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CONGRESS TO TACKLE MUSIC MONETIZATION

A Congressional bill that will adjust the way songwriters, artists and other creatives are paid royalties was introduced today in the House of Representatives.

It is expected that the Music Modernization Act of 2017 will move out of the committee on Wednesday and receive a full vote as early as the end of the month.

House Judiciary Committee Chairman Bob Goodlatte (R-Va.) and Ranking Member Jerrold Nadler (D-N.Y.)today introduced the bill, which has nearly 70 co-sponsors from both sides of the aisle. 

Once approved, which appears likely, it moves to the Senate, which has the right to adjust the bill before sending it to the President.

The bill unites provisions from four previously introduced bills—the Allocation for Music Producers (AMP) Act, the CLASSICS Act, the Fair Play Fair Pay Act, and a songwriter-specific version of the Music Modernization Act—under one legislative umbrella.  The bill would establish a SoundExchange-like system to track digital uses; close the pre-1972 loophole; and add producers and engineers to the artists receiving remuneration.

The Recording Academy, RIAA, ASCAP, BMI, the American Association of Independent Music and the American Federation of Musicians have supported the bill.

"Since first proposed four years ago at Grammys on the Hill, it has been a goal of the Academy and its members to pass a music omnibus, or 'music bus,' bill that helps our songwriter, performer, producer, and engineer members," said Recording Academy CEO and President Neil Portnow. "With the introduction of the Music Modernization Act, this dream of bringing fairness to all creators is now close to reality."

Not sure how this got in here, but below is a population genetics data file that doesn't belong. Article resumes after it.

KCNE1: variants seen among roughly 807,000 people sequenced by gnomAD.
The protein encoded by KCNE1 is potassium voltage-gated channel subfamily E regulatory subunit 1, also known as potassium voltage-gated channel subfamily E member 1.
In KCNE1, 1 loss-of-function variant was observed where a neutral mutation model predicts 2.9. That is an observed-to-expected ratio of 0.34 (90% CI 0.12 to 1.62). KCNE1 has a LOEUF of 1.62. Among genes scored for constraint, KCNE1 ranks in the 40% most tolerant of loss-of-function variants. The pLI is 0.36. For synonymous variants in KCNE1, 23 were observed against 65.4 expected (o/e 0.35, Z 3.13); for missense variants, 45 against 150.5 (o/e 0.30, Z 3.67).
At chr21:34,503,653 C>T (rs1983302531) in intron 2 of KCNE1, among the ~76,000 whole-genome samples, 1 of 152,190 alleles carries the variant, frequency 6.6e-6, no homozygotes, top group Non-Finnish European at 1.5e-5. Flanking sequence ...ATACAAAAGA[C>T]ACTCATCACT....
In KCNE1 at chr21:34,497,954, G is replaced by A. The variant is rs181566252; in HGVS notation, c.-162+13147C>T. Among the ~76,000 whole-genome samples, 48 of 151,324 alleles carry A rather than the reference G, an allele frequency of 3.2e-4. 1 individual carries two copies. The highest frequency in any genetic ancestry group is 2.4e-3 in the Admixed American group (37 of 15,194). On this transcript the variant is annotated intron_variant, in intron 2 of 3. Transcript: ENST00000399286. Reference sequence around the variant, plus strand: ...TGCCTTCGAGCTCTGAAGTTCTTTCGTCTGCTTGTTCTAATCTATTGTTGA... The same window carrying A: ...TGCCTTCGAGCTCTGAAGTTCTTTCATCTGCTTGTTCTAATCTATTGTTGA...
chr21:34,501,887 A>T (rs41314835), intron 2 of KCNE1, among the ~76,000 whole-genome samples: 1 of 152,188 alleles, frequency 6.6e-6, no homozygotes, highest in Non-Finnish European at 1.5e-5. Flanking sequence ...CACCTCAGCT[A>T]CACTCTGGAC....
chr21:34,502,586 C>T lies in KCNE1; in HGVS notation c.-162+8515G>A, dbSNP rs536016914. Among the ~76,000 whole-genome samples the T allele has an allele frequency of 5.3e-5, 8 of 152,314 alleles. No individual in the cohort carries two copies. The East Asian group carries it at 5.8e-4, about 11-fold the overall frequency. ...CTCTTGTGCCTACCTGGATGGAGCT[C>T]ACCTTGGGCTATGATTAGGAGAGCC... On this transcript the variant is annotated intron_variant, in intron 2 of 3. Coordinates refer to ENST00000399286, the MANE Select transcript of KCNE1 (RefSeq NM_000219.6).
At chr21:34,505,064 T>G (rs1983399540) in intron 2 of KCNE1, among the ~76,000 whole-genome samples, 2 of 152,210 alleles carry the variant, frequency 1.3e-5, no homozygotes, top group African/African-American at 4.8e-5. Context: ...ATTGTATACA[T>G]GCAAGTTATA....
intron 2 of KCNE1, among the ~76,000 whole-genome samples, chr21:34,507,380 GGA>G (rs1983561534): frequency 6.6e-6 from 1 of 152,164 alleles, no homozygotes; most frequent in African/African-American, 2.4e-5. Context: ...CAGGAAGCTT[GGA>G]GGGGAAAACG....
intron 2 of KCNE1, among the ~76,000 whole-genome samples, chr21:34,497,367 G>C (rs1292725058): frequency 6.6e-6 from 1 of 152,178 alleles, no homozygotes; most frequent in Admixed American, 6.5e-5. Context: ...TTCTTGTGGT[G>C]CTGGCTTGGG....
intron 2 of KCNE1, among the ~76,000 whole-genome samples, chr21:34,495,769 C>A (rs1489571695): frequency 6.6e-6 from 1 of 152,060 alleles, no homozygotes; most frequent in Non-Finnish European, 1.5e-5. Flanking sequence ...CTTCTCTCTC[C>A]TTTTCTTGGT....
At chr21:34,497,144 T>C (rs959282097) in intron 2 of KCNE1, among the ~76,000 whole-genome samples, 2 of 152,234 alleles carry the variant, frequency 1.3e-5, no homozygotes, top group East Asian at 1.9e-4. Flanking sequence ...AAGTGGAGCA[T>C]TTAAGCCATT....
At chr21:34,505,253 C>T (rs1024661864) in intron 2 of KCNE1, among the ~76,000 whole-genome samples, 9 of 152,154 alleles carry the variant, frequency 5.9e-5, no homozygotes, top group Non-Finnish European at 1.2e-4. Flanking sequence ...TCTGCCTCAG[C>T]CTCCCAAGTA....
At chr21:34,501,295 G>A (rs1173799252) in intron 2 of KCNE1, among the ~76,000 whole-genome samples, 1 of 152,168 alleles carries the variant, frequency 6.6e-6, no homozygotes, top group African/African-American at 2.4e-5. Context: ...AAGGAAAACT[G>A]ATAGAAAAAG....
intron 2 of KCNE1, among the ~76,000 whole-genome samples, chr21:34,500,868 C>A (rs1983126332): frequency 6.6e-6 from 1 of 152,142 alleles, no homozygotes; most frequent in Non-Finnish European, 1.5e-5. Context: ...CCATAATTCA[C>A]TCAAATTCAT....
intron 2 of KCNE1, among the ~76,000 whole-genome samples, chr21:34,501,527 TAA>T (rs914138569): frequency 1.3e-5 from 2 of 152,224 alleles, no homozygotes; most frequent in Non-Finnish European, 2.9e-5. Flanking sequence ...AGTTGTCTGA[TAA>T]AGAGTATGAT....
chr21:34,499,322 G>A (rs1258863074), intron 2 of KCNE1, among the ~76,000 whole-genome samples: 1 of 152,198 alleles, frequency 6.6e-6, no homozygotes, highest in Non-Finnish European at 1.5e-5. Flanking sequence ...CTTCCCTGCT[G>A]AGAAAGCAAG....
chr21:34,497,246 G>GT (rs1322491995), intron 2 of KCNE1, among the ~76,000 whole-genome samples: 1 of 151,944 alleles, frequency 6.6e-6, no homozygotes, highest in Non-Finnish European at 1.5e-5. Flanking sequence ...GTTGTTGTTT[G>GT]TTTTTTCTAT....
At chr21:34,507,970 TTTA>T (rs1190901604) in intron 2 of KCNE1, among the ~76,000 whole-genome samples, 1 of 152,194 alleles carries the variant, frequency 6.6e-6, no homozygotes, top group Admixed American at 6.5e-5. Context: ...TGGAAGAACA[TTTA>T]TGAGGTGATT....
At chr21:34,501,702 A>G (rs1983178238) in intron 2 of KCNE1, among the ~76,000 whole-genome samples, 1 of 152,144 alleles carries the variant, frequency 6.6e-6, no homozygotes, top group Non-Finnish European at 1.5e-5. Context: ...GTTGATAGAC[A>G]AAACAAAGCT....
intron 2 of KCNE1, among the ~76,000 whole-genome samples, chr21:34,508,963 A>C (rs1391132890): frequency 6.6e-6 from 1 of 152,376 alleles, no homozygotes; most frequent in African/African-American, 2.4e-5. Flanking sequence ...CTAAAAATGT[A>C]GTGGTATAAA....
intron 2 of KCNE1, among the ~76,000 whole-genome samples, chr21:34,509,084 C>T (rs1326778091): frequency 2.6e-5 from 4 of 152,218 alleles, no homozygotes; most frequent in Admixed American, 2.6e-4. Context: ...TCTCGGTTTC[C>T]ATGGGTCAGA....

National Music Publishers Association boss David Israelite issued the following statement:

"The Music Modernization Act (MMA) is the most significant update to music copyright law in a generation and represents unprecedented compromise among songwriter, music publisher, artist, record label, and digital music groups. The Music Modernization Act will help ensure a healthy digital music ecosystem, most importantly for the songwriters who create the music that makes such an ecosystem even possible.  It was not easy to achieve a consensus package, but we are grateful for music champions like Chairman Goodlatte and Ranking Member Nadler who have worked to foster agreement and we are eager for them to move this bill forward.  A special thanks to Congressman Doug Collins for being the driving force behind the MMA."

Added SoundExchange chief Michael Huppe: "This legislation is moving forward because Congress has heard the voices of music creators asking for copyright laws that reflect the realities of today’s music marketplace. The modernization outlined in this bill is long overdue, and with the momentum created by its introduction, it’s critical that music creators continue reaching out to their representative to urge swift consideration of this legislation."

Still to be considered is the Fair Play Fair Pay proviso for terrestrial radio that the National Association of Broadcasters has consistently opposed.

This may be the only time the music biz would universally welcome a document signed by President Trump.

 

 

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